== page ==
To believe that Luke could fill this role and return me to the group and clients I had come to know, and love with Bacchus was exhilarating. On the other hand, the reality of getting Luke ready for the evaluation was sobering. We had just ten weeks. Beyond the basic commands, Luke needed to navigate a variety of locations including schools, nursing homes, hospitals and more. He would be required to visit fragile and compromised people without jumping, pushing or shying away. My once-skittish boy would need to deal with wheelchairs, canes and walkers without fear – while dealing with loud and unexpected noises, strange smells and sights. It as a tall order for any dog, but especially so for a young, inexperienced dog who was suddenly without his brother mentor.
Everyone pitched in. We practiced in busy public places and on frequent outings. Our friends from Lend-A-Heart and Homeward Bound met Luke and me for lunch at outdoor cafes and parks and cheered me on with pep talks and training stories of their own. Luke was stepping up to the training and learning with amazing speed. He enjoyed the attention – and the treats! While I knew that the evaluators were pulling for him, he would get no special treatment. He needed to earn this based on clear standards.
Luke’s evaluation came almost exactly one year after I adopted him. We had an early appointment, and I was determined to keep my nervousness in check. Easier said than done! Luke was picking up on my jitters. My friend Ralph checked us in. He kept me talking to and calming Luke until we were called for the evaluation. Just before we entered, a hint of calmness appeared. Thank God! The forty-minute evaluation was a blur. Luke was doing well. Although not perfect; he showed no signs of fear, distress (I had enough for both of us), or aggression. He appeared to gain confidence with each exercise. When we completed our final exercise, I breathed a sigh of relief. We left the room to await the verdict. It seemed like eternity until, finally…”Congratulations!” We passed! Luke and I were now a Lend-A- Heart therapy team. He also earned the privilege of being an official greeter at an upcoming Homeward Bound event, taking Bacchus’ place. I think that Bacchus’ spirit was with us that day. I am so proud of my boy representing Homeward Bound and Lend-A-Heart – not only as a rescue dog – but a rescuer for people in need.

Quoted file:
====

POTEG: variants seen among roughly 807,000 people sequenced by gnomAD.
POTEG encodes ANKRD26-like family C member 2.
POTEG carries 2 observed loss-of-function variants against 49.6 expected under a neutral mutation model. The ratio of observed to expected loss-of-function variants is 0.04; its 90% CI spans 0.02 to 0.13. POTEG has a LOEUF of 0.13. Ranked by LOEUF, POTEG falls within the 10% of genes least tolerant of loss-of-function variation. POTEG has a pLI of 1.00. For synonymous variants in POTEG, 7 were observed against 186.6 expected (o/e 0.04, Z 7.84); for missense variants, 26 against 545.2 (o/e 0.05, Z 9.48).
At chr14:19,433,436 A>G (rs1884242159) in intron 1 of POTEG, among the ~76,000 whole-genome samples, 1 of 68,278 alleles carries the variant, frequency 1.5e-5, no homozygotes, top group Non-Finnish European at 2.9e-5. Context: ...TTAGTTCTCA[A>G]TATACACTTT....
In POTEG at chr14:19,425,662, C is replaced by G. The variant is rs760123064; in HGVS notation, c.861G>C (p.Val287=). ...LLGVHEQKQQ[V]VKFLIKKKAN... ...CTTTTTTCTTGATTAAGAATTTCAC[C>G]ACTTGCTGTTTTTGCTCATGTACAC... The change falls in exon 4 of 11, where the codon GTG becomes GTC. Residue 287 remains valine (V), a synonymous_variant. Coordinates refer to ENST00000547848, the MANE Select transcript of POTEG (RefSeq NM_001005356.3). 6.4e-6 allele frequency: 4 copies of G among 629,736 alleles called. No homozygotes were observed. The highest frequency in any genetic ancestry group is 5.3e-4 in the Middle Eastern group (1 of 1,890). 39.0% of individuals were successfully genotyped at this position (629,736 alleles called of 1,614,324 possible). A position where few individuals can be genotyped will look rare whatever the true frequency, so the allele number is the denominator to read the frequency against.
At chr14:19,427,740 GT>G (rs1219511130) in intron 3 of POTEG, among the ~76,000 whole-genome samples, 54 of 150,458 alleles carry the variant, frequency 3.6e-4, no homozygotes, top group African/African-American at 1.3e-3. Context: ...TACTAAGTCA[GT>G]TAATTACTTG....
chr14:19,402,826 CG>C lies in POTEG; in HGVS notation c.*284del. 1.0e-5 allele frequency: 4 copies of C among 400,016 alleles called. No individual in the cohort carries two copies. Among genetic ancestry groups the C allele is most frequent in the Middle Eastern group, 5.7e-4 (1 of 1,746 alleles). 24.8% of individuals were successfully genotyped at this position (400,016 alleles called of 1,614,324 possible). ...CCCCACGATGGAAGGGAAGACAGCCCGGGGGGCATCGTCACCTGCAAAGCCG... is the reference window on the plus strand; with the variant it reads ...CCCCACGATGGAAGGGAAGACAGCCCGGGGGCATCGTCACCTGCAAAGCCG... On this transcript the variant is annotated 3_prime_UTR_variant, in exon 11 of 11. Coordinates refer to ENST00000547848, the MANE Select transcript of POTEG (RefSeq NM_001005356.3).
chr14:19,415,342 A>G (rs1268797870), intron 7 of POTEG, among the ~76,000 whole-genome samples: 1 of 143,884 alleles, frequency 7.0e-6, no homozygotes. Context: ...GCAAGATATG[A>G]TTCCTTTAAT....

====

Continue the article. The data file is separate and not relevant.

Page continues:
Luke continues to amaze me. We visit schools, nursing homes, and mental health facilities; we attend special events, and Luke is now a Boarding Area Relaxation Corp (BARC) member at the Sacramento Airport. He deals with the baggage claim carousels, elevators, trams, and security checkpoints while handling all of the sounds, smells, and crowds that an airport terminal presents. Last month, we were at the Red Cross Evacuation Center in Jackson, CA bringing comfort to those displaced by the devastating Butte Fire.
Luke has stepped up and taken in stride any and all situations that I have presented to him. What a dog! What a change in the inexperienced and scared dog I brought home a year ago. I am so grateful that we found each other through Homeward Bound Golden Retriever Rescue. Luke rescued me as much as I rescued him.
I haven’t forgotten Luke’s health challenges. We still have that to face together. We have an upcoming appointment with the Cardiology Department at U.C. Davis Veterinary. There are some new and promising results from surgeries performed on dogs with Luke’s condition. I am hopeful that he can benefit from the procedure, but I am finally learning the lesson he, Bacchus, and life have taught me: I am not planning. I am cherishing the present while praying for the future. ~ Carolyn Unger